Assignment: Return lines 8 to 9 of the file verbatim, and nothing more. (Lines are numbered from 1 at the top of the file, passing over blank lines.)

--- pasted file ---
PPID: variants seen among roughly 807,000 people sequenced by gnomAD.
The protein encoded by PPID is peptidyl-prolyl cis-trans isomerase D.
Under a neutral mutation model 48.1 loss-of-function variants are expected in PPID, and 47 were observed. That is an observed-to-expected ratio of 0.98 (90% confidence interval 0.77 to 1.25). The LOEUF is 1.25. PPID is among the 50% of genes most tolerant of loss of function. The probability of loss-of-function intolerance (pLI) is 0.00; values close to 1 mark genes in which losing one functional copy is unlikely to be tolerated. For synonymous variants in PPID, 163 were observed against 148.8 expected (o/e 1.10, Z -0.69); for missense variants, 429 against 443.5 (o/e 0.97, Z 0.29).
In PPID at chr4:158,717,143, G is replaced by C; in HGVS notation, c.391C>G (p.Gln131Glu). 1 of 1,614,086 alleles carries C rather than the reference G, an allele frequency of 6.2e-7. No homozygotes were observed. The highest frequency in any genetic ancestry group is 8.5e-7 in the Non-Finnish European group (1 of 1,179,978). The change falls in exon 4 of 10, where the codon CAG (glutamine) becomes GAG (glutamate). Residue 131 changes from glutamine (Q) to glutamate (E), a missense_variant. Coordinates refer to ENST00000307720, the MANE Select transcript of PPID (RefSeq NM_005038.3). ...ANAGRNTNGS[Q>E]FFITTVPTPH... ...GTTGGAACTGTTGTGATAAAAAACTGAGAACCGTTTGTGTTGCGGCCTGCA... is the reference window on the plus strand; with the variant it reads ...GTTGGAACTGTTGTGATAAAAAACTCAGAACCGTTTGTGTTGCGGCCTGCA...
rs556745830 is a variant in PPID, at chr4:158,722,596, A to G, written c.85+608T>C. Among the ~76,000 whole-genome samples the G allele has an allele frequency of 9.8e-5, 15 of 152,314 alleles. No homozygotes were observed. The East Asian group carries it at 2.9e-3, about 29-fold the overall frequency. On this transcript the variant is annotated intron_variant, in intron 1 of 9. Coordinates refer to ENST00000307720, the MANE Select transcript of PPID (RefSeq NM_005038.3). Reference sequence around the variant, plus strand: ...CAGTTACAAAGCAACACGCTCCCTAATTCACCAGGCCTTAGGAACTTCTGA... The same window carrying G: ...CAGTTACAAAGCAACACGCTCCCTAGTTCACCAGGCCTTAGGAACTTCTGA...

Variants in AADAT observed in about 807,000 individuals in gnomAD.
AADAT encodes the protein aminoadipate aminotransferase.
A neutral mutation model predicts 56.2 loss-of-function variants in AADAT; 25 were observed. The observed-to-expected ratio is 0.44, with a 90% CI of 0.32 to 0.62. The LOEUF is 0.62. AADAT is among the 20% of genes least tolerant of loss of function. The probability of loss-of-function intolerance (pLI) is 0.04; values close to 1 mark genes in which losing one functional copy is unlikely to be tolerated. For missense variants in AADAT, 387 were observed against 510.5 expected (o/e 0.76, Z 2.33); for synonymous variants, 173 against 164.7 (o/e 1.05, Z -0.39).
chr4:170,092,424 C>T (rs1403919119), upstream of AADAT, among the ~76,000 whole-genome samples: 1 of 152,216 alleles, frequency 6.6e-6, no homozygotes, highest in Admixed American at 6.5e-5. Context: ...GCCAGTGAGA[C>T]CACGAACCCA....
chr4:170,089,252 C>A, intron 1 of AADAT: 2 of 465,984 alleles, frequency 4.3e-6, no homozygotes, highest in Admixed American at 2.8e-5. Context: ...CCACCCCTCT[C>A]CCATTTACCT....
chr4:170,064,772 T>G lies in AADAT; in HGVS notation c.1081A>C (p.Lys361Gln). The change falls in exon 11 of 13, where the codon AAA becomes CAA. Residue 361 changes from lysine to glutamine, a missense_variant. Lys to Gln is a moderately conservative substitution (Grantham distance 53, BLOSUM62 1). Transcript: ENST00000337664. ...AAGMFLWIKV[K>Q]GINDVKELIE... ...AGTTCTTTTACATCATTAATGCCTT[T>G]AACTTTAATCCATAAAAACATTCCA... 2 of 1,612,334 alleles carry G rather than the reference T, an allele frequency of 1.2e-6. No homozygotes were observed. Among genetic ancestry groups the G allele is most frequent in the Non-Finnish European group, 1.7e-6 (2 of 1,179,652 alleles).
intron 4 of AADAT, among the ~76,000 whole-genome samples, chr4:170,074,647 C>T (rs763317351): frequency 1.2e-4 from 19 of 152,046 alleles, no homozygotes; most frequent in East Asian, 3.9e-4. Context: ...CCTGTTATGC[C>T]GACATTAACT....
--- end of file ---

A neutral mutation model predicts 56.2 loss-of-function variants in AADAT; 25 were observed. The observed-to-expected ratio is 0.44, with a 90% CI of 0.32 to 0.62. The LOEUF is 0.62. AADAT is among the 20% of genes least tolerant of loss of function. The probability of loss-of-function intolerance (pLI) is 0.04; values close to 1 mark genes in which losing one functional copy is unlikely to be tolerated. For missense variants in AADAT, 387 were observed against 510.5 expected (o/e 0.76, Z 2.33); for synonymous variants, 173 against 164.7 (o/e 1.05, Z -0.39).
chr4:170,092,424 C>T (rs1403919119), upstream of AADAT, among the ~76,000 whole-genome samples: 1 of 152,216 alleles, frequency 6.6e-6, no homozygotes, highest in Admixed American at 6.5e-5. Context: ...GCCAGTGAGA[C>T]CACGAACCCA....